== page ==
You have to see it to believe it. An Ontario Provincial Police officer conducting a roadside seatblet blitz near Ottawa, Ontario, made a startling discovery Wednesday. The front-seat passenger in a van he pulled over was enjoying the ride in cushy comfort, in a rocker recliner chair inserted in the van in place of the standard-issue seat. The recliner was not attached to the vehicle and by the looks of the photo provided by police (see it after the jump), a seatbelt was not part of the new configuration.
What’s in your golf bag? Maybe sweaty socks, broken tees, empty beer cans, filthy rags and scorecards you don’t want anyone to see. How about $35,000 worth of diamond rings. That’s what one female duffer was toting in her bag during a recent round at a course just west of Kingston, Ontario. Someone may have seen her stuff the rings into the bag, or perhaps knew they were there – and stole them.
When darkness fell on the lush fairways and greens of Camden Braes golf course, near Kingston, Ontario, a pirate duo descended beneath the surface, in pursuit of sunken treasure. That’s when the cops arrived. Police officers caught two men, in scuba gear, plundering the water hazards of the course. They were snatching lost golf balls, reportedly a multimillion dollar a year business (an estimated 200 million lost balls in the U.S. each year). Read the full police news release, after the jump, detailing the early-morning probe that ended with two Quebec men facing theft charges for pilfering dimpled projectiles without permission of golf course owners (that’s the 6th hole at Camden Braes in the pic above).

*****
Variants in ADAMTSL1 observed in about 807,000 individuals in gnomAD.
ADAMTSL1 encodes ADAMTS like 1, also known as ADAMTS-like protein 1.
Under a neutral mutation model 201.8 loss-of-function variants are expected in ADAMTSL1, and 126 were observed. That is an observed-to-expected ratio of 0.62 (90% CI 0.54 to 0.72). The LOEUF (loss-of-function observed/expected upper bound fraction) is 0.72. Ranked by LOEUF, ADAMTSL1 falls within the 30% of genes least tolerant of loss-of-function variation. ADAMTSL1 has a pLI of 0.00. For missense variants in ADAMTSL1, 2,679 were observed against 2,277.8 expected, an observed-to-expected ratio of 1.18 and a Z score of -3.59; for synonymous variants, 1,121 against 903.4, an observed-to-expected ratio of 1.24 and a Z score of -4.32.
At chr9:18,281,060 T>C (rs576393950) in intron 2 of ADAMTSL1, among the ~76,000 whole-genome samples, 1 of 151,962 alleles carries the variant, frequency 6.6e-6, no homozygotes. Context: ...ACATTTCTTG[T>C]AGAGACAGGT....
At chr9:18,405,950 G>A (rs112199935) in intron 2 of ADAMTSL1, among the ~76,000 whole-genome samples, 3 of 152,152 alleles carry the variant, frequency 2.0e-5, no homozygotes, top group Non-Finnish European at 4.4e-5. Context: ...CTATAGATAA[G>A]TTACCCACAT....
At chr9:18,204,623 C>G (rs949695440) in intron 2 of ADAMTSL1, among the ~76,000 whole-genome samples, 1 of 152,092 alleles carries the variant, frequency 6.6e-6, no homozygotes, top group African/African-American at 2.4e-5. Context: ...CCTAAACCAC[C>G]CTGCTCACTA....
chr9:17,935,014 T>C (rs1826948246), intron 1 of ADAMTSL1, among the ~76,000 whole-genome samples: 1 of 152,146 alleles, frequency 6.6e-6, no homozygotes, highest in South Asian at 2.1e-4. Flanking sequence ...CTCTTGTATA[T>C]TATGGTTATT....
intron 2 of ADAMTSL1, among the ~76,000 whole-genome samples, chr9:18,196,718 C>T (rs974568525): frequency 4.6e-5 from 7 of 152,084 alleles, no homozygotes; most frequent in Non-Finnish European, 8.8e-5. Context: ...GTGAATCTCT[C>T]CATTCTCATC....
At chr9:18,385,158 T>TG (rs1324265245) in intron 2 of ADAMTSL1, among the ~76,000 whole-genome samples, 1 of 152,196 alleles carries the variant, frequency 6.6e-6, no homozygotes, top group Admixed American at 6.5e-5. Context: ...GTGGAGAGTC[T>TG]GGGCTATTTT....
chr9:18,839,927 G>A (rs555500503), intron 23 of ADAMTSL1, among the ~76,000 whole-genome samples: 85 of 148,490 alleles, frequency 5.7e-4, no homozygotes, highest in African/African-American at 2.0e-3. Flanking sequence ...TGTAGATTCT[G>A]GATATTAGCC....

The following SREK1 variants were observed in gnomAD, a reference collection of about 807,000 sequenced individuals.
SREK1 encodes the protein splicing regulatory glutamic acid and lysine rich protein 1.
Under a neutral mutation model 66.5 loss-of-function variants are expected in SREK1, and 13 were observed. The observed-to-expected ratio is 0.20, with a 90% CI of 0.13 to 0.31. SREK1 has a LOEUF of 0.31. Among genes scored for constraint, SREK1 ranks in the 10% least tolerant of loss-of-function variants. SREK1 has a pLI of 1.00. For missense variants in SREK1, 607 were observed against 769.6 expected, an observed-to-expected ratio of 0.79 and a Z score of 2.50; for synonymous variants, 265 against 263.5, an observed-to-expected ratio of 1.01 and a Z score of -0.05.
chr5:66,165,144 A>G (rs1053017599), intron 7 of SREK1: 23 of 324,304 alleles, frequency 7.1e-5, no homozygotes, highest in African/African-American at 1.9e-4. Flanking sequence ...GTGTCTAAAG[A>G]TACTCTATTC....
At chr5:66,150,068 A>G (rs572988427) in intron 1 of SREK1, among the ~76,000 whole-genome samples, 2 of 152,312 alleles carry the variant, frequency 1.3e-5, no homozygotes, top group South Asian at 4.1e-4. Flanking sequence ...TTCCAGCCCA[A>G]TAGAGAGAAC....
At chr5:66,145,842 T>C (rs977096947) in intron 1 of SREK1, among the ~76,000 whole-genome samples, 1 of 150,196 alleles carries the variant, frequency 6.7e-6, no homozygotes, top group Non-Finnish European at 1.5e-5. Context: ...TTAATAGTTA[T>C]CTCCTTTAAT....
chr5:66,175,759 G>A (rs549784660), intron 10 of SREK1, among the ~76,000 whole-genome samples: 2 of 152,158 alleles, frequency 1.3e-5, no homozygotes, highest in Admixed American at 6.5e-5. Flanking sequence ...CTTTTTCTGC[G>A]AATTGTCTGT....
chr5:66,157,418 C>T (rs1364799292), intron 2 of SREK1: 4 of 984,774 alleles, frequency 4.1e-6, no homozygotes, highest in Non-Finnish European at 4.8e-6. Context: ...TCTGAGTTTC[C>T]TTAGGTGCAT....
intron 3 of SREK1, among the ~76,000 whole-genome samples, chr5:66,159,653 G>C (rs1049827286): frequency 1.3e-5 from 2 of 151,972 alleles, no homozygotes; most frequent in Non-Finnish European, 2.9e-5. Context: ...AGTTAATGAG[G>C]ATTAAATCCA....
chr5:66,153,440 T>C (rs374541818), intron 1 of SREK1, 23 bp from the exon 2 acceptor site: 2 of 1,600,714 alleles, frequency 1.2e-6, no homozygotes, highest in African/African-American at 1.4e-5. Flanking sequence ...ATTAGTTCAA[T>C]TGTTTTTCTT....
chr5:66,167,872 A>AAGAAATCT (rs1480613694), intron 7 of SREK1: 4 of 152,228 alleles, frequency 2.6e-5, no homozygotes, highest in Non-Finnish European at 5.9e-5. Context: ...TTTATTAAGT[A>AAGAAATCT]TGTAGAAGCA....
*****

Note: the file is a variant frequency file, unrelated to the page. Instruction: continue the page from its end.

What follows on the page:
Sometimes the cops don’t have to shoot the bad guys. They shoot themselves. Check out this news release today from provincial police in eastern Ontario, written with understatement, but enough detail to make clear that good guys got a good laugh at the expense of the crooks. Napanee OPP Arrest Three In Home Invasion Robbery...
It’s probably not a good idea to take your cocaine to court with you, or your cute little pot-filled Easter eggs, either. I’ll let the news release from the Kingston city police department ‘splain the rest. Read it after the jump.
In the dead of winter, when you’re three sheets to the wind, tired and far from home, a police station can look like an inviting crash pad, particularly if you’re a man of limited means. That might be the explanation for the bizarre behaviour of a paroled federal prisoner who showed up at the HQ of the constabulary in the Friendly City, as Belleville, in eastern Ontario, is known. Police noted, dryly, that:
At approx 4 a.m. an extremely intoxicated male attended the front desk of the police station advising that he was breaching his parole conditions and proceed (sic) to list all of the conditions being breached
While it clearly wasn’t a hot crime story, someone at the Belleville PD with a wry sense of humour thought to put the story out in a release (read it after the jump).
Sean Kelly doesn’t give police the finger when he wants to drop the F-bomb. He turns his back. The Kingston, Ontario, man who is, in the parlance, ‘known to police,’ had a message for officers who showed up to a donut shop this week to arrest him after reports of a disturbance. Once Kelly’s T-shirt...
Conscientious citizens across eastern Ontario dashed to their kitchens this week, eager to aid police in their pursuit of a band of hoodlums who, investigators believed, had likely left a hot clue that any hard-boiled investigator could crack, if he could just look into the refrigerator of every home in the region.